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Alberta Premier Jason Kenney arrives for an announcement at a news conference in Calgary, Alta., on Sept. 15, 2020.

Todd Korol/The Canadian Press

In the face of more troubling news on the energy front this week, Alberta Premier Jason Kenney was defiant.

On Monday, the Organization of the Petroleum Exporting Countries released its monthly report, declaring that it had cut oil-demand forecasts for the next couple of years. One day later, petroleum giant BP pronounced that peak oil had arrived, predicting that demand for crude would fall precipitously over the coming decades in its annual outlook.

Not surprisingly, Mr. Kenney was nonplussed by the dire forecasts, repeating his mantra that there would be huge demand for oil and gas well into the future, and that Alberta would be well-positioned once the pandemic was over and once his predicted global supply crunch takes hold.

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Mr. Kenney could be right. There are many who subscribe to his view that energy demand will rebound once world economies return to normal. The question is what that rebound looks like, and to what extent it will provide relief to a province desperate for anything resembling good news.

The same thing could be said of Mr. Kenney’s political outlook, too.

It hasn’t been much fun for the leader of the United Conservative Party since he rumbled to a massive majority in the spring of last year, riding a wave of public anger he helped incite. He successfully portrayed his province as the victim of gross fiscal mismanagement by Rachel Notley’s NDP government and the anti-oil, anti-West agenda of Justin Trudeau’s Liberals in Ottawa.

It didn’t take long, however, for the honeymoon to end. Governing a province over-reliant on a single sector that is suffering a potentially existential crisis has been difficult – to put it mildly. The thousands of jobs he promised haven’t materialized. In fact, they began disappearing further on his watch, before the COVID-19 emergency made things a whole lot worse. Some of the more populist measures that he campaigned on – a $30-million war room to respond to “misinformation” being reported about the oil sands and a public inquiry into foreign funding of environmental groups, for instance – have so far been gross public relations disasters.

Faced with historic levels of debt, including a deficit for the current fiscal year now projected to be more than $24-billion – the Premier has launched cost-savings initiatives that have set off ugly wars with, among others, the province’s doctors. He also recently had to justify potential cuts to the Assured Income for the Severely Handicapped (AISH) program.

The Premier has received none of the surge in popular support enjoyed by many of his counterparts as a result of their handling of the pandemic, including B.C. Premier John Horgan and Ontario Premier Doug Ford, who prior to the virus’s arrival was as unpopular as Mr. Kenney is now. (However, Mr. Ford’s pandemic lift could suffer a severe setback with what appears to be a badly botched back-to-school plan.)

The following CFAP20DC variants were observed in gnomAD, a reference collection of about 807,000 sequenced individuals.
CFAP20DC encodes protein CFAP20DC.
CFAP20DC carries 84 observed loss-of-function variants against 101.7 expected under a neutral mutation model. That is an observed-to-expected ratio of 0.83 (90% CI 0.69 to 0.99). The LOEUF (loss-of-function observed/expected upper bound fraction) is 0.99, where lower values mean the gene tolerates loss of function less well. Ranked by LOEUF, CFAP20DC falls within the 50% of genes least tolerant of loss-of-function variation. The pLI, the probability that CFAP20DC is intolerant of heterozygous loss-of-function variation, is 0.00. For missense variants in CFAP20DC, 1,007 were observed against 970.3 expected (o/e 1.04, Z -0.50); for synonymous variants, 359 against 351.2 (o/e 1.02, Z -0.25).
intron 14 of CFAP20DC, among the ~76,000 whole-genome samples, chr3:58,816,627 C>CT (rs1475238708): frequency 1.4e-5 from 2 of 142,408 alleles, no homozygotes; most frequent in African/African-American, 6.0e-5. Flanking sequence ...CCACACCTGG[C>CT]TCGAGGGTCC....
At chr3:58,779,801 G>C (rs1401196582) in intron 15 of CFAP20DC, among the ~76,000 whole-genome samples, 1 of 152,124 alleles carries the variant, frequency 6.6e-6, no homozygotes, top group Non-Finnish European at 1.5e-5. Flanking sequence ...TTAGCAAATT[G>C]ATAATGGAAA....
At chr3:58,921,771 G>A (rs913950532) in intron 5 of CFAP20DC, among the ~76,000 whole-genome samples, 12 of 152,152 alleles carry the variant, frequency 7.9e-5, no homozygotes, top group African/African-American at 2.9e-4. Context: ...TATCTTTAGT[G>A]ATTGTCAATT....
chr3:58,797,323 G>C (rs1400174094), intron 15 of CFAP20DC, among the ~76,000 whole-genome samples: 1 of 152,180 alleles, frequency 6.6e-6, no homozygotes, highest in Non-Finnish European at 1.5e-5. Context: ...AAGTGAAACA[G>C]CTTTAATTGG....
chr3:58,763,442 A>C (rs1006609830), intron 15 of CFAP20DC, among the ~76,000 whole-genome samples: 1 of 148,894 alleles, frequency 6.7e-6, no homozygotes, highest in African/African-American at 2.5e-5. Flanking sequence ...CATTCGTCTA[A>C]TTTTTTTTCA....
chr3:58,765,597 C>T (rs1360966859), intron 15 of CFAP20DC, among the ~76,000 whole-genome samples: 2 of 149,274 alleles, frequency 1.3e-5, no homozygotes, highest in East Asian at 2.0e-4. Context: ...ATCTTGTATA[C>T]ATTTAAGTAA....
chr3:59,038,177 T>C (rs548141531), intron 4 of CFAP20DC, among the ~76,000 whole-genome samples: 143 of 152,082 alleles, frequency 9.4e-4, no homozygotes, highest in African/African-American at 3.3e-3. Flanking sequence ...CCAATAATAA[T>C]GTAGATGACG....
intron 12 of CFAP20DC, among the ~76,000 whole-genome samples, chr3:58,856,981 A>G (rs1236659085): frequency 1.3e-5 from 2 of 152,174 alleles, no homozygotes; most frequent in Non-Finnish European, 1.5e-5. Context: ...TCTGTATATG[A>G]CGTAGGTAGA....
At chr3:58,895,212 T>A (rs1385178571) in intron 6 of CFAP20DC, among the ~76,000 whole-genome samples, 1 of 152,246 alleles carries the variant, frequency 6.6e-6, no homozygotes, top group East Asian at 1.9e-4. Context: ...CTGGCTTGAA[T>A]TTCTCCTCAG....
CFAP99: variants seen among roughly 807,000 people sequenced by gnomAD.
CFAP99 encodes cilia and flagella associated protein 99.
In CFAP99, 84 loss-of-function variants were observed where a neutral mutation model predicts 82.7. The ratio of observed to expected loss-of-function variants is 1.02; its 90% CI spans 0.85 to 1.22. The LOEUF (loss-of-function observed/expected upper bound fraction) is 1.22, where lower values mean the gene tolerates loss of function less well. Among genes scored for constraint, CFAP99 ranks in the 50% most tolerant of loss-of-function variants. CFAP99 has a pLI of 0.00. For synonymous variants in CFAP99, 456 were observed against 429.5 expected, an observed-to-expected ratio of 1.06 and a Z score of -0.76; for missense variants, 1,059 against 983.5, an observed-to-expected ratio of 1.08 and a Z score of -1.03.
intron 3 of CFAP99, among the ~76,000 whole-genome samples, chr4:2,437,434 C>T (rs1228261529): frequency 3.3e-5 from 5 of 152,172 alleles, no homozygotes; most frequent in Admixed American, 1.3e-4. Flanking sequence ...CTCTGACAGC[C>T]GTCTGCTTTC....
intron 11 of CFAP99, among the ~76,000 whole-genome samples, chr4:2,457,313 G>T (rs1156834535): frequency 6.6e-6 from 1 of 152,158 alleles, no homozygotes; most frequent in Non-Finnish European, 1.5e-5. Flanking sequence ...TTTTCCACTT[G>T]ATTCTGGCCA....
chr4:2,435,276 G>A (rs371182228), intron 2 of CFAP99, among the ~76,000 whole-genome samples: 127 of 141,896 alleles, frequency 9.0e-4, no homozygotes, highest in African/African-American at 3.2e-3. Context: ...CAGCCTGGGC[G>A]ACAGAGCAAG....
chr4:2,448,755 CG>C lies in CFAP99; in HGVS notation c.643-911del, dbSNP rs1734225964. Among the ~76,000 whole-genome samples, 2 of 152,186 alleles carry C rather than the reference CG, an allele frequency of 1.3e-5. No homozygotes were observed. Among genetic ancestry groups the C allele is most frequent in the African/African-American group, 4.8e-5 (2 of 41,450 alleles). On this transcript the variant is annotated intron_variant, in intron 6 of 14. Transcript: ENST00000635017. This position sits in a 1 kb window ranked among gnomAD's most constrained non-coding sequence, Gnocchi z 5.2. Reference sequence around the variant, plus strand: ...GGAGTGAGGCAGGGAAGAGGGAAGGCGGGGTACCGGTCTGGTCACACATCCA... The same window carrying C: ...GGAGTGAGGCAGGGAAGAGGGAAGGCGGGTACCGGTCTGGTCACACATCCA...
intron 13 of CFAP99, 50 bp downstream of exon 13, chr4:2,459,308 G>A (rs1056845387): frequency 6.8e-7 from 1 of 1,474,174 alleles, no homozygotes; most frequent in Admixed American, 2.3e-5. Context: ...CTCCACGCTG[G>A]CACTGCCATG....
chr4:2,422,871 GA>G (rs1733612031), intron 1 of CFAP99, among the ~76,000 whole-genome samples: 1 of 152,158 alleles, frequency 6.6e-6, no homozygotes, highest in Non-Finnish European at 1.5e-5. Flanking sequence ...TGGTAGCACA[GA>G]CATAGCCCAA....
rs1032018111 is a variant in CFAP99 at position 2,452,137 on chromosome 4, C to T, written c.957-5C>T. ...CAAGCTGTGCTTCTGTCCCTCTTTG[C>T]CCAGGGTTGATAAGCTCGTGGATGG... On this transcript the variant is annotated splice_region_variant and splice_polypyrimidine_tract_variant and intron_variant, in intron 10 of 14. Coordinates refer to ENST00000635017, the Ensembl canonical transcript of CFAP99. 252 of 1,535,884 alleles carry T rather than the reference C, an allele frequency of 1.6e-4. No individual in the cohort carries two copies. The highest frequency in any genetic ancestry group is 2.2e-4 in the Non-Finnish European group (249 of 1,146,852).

How unpopular is that, you ask? A fresh poll by the Angus Reid Institute puts support for the government at 38 per cent – equal to Ms. Notley’s NDP, but remember that Mr. Kenney’s UCP government was elected in April of last year with 55 per cent of the popular vote. Among premiers, Angus Reid found Mr. Kenney to be the second-least favourite, with only 42 per cent saying they approve of the job he’s doing. He did beat out Newfoundland and Labrador’s Andrew Furey, who had 34 per cent support, but he’s only been on the job less than a month.

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Most will say that polls this far out from the next election in Alberta matter little. That may be true. The political landscape is littered with stories of miraculous turnarounds, of politicians who have come back from the dead; just look at the aforementioned Mr. Ford. Mr. Kenney is also a seasoned, highly skilled politician who will doubtlessly have a strategy for reviving his fortunes.

But it won’t be easy. Crude won’t be flowing through the TMX pipeline any day soon, not likely before the next election. There is nothing on the short-term horizon that suggests oil prices are going to rebound to levels that will help Alberta out of the dreadful fiscal mess in which it finds itself. Mr. Kenney also leads a province that is badly divided, at a time when it needs to be united around one issue: COVID-19.

The growing quagmire that is the province’s financial picture will not improve in the near term. Mr. Kenney, who is as conservative as they come, was relentless in his criticism of Ms. Notley’s NDP for allowing Alberta’s debt levels to rise to what he deemed were alarming levels. Well, they’re going up even more, under him.

Things were so easy on the campaign trail when all of Alberta’s problems were the fault of someone else. Today, Mr. Kenney is discovering what happens when reality gets in the way of best-laid plans.

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